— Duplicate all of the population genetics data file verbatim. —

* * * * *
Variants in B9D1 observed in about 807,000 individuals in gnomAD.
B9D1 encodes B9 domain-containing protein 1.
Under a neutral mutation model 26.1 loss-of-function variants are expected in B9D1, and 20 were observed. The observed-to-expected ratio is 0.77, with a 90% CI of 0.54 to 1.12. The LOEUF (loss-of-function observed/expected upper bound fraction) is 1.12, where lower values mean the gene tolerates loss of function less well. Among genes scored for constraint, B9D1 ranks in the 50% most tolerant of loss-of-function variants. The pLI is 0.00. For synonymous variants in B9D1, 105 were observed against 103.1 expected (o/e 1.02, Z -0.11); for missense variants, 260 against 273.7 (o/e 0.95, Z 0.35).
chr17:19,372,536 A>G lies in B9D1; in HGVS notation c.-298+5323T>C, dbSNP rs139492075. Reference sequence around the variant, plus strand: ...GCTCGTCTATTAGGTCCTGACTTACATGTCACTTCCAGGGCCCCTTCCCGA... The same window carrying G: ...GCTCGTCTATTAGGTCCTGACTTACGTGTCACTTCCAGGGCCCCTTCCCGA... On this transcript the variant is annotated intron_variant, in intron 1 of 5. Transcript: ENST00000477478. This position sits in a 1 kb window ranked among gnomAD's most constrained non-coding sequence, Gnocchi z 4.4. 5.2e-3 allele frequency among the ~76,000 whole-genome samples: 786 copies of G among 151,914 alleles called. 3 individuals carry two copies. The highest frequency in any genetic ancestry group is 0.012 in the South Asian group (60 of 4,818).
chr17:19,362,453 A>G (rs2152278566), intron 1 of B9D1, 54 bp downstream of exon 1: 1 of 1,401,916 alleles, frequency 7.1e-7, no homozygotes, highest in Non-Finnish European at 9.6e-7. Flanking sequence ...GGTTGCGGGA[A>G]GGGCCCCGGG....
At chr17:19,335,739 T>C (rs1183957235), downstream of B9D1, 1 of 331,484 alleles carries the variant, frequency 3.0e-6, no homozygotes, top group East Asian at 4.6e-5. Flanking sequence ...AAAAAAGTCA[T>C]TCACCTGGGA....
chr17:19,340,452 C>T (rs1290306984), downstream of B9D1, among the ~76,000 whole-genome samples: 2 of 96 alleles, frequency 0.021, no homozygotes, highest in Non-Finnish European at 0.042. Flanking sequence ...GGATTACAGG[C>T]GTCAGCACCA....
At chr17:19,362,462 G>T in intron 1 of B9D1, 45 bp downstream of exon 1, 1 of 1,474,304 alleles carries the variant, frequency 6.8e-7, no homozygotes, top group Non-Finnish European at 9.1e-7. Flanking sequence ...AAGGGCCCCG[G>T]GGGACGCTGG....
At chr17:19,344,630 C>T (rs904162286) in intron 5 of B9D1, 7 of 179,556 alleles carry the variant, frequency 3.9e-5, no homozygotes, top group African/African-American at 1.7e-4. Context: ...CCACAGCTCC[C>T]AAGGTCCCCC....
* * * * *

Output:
Variants in B9D1 observed in about 807,000 individuals in gnomAD.
B9D1 encodes B9 domain-containing protein 1.
Under a neutral mutation model 26.1 loss-of-function variants are expected in B9D1, and 20 were observed. The observed-to-expected ratio is 0.77, with a 90% CI of 0.54 to 1.12. The LOEUF (loss-of-function observed/expected upper bound fraction) is 1.12, where lower values mean the gene tolerates loss of function less well. Among genes scored for constraint, B9D1 ranks in the 50% most tolerant of loss-of-function variants. The pLI is 0.00. For synonymous variants in B9D1, 105 were observed against 103.1 expected (o/e 1.02, Z -0.11); for missense variants, 260 against 273.7 (o/e 0.95, Z 0.35).
chr17:19,372,536 A>G lies in B9D1; in HGVS notation c.-298+5323T>C, dbSNP rs139492075. Reference sequence around the variant, plus strand: ...GCTCGTCTATTAGGTCCTGACTTACATGTCACTTCCAGGGCCCCTTCCCGA... The same window carrying G: ...GCTCGTCTATTAGGTCCTGACTTACGTGTCACTTCCAGGGCCCCTTCCCGA... On this transcript the variant is annotated intron_variant, in intron 1 of 5. Transcript: ENST00000477478. This position sits in a 1 kb window ranked among gnomAD's most constrained non-coding sequence, Gnocchi z 4.4. 5.2e-3 allele frequency among the ~76,000 whole-genome samples: 786 copies of G among 151,914 alleles called. 3 individuals carry two copies. The highest frequency in any genetic ancestry group is 0.012 in the South Asian group (60 of 4,818).
chr17:19,362,453 A>G (rs2152278566), intron 1 of B9D1, 54 bp downstream of exon 1: 1 of 1,401,916 alleles, frequency 7.1e-7, no homozygotes, highest in Non-Finnish European at 9.6e-7. Flanking sequence ...GGTTGCGGGA[A>G]GGGCCCCGGG....
At chr17:19,335,739 T>C (rs1183957235), downstream of B9D1, 1 of 331,484 alleles carries the variant, frequency 3.0e-6, no homozygotes, top group East Asian at 4.6e-5. Flanking sequence ...AAAAAAGTCA[T>C]TCACCTGGGA....
chr17:19,340,452 C>T (rs1290306984), downstream of B9D1, among the ~76,000 whole-genome samples: 2 of 96 alleles, frequency 0.021, no homozygotes, highest in Non-Finnish European at 0.042. Flanking sequence ...GGATTACAGG[C>T]GTCAGCACCA....
At chr17:19,362,462 G>T in intron 1 of B9D1, 45 bp downstream of exon 1, 1 of 1,474,304 alleles carries the variant, frequency 6.8e-7, no homozygotes, top group Non-Finnish European at 9.1e-7. Flanking sequence ...AAGGGCCCCG[G>T]GGGACGCTGG....
At chr17:19,344,630 C>T (rs904162286) in intron 5 of B9D1, 7 of 179,556 alleles carry the variant, frequency 3.9e-5, no homozygotes, top group African/African-American at 1.7e-4. Context: ...CCACAGCTCC[C>T]AAGGTCCCCC....